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No. 61: Jan-Feb 1989

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Expanding ball of light (ebl) phenomenon

Pale orange glow seen coming from behind a bank of towering cumulus clouds
X8. June 22, 1976. North Atlantic. "At 2113 GMT a pale orange glow was seen to be coming from behind a bank of towering cumulus to the west. At 2115 a ghostly white disc (see sketches) was observed at an approximate altitude of 10-degrees and bearing 290-degrees. The glow from behind the cloud persisted." The glowing region developed as indicated in the figure. Stars could be seen throught the disc at all times. By 2140 the disc had disappeared.
In the latest number of the Journal of Scientific Exploration, R.F. Haines presents a summary table of 15 cases of a luminous phenomenon he has dubbed the Expanding Ball of Light or EBL. EBLs are very large, sometimes occupying much of the sky. They seem to occur everywhere, though rarely. Haines elaborates:

"According to several pilot witnesses, the center of the EBL is at relatively high altitude while it is forming. Its color is evenly whitish or yellowish and becomes increasingly transparent to background stars as it expands. As it enlarges it appears to maintain a sharply defined edge. At some point it fades completely from sight. The rate of boundary interface expansion is impossible to determine without knowing its distance from the observer. It is also of interest to note that most EBL events have taken place after dark. If EBL phenomena are associated with an advanced weapons test, one wonders why it would be conducted (a) after dark, and (b) in so many different geographic areas."

(Haines, Richard F.; "Expanding Ball of Light (EBL) Phenomenon," Journal of Scientific Exploration, 2:83, 1988.)

Comment. In our Catalog volume Lightning, Auroras, Nocturnal Lights, we describe many phenomena of the EBL type under GLA15. For a description of this volume, visit: here.

From Science Frontiers #61, JAN-FEB 1989. 1989-2000 William R. Corliss

Science Frontiers Sourcebook Project Reviewed in:

Quotes

  • "A sourcebook of unexplained phenomena is therefore a valuable addition to a collection of scientific literature. William R. Corliss has provided this in the past with his source books of scientific anomalies in several subjects, and now he has provided it for astronomy. He has done an excellent job of collecting and editing a large amount of material, taken in part from scientific journals and in part from scientific reporting in the popular or semi-scientific press." -- "The Mysterious Universe: A Handbook of Astronomical Anomalies", reviwed by Thomas Gold, Cornell University, in Icarus, vol.41, 1980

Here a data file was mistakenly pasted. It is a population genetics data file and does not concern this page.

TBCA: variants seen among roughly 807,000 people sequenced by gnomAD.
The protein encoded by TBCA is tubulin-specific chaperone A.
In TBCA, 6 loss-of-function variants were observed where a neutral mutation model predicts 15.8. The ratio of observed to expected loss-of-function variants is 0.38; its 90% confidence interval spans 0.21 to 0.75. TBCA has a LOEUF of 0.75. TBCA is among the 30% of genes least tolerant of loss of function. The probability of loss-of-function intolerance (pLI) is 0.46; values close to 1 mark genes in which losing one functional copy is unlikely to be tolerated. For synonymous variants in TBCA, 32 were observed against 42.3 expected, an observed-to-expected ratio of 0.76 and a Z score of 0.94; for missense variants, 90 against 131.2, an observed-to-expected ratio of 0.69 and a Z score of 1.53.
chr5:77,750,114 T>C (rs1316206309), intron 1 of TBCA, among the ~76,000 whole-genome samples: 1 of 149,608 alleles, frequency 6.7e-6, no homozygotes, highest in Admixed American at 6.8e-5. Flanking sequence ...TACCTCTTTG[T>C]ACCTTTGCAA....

• "An interesting, systematic presentation of unusual weather [..] This book is recommended for a general audience" --"Corliss, William R., Tornados, Dark Days, Anomalous Precipitation, and Related Weather Phenomena, Sourcebook Project, 1983.", revieweed in Choice, September 1983
  • "..the science is necessarily somewhat speculative, but Corliss's symthesis is based on reputable sources." -- "Corliss, William R. (Compiler). Lightning, Auroras, Nocturnal Lights, and Related Luminous Phenomena" reviwed by Joseph M. Moran, Univ. of Wisconsin in Science Books and Films, Sep/Oct 1983

  • "Before opening the book, I set certain standards that a volume which treads into dangerous grounds grounds like this must meet. The author scrupulously met, or even exceeded those standards. Each phenomenon is exhaustively documented, with references to scientific journals [..] and extensive quotations" -- "Book Review: The moon and planets: a catalog of astronomical anomalies", The Sourcebook Project, 1985., Corliss, W. R., Journal of the Royal Astronomical Society of Canada, Vol. 81, no. 1 (1987), p. 24., 02/1987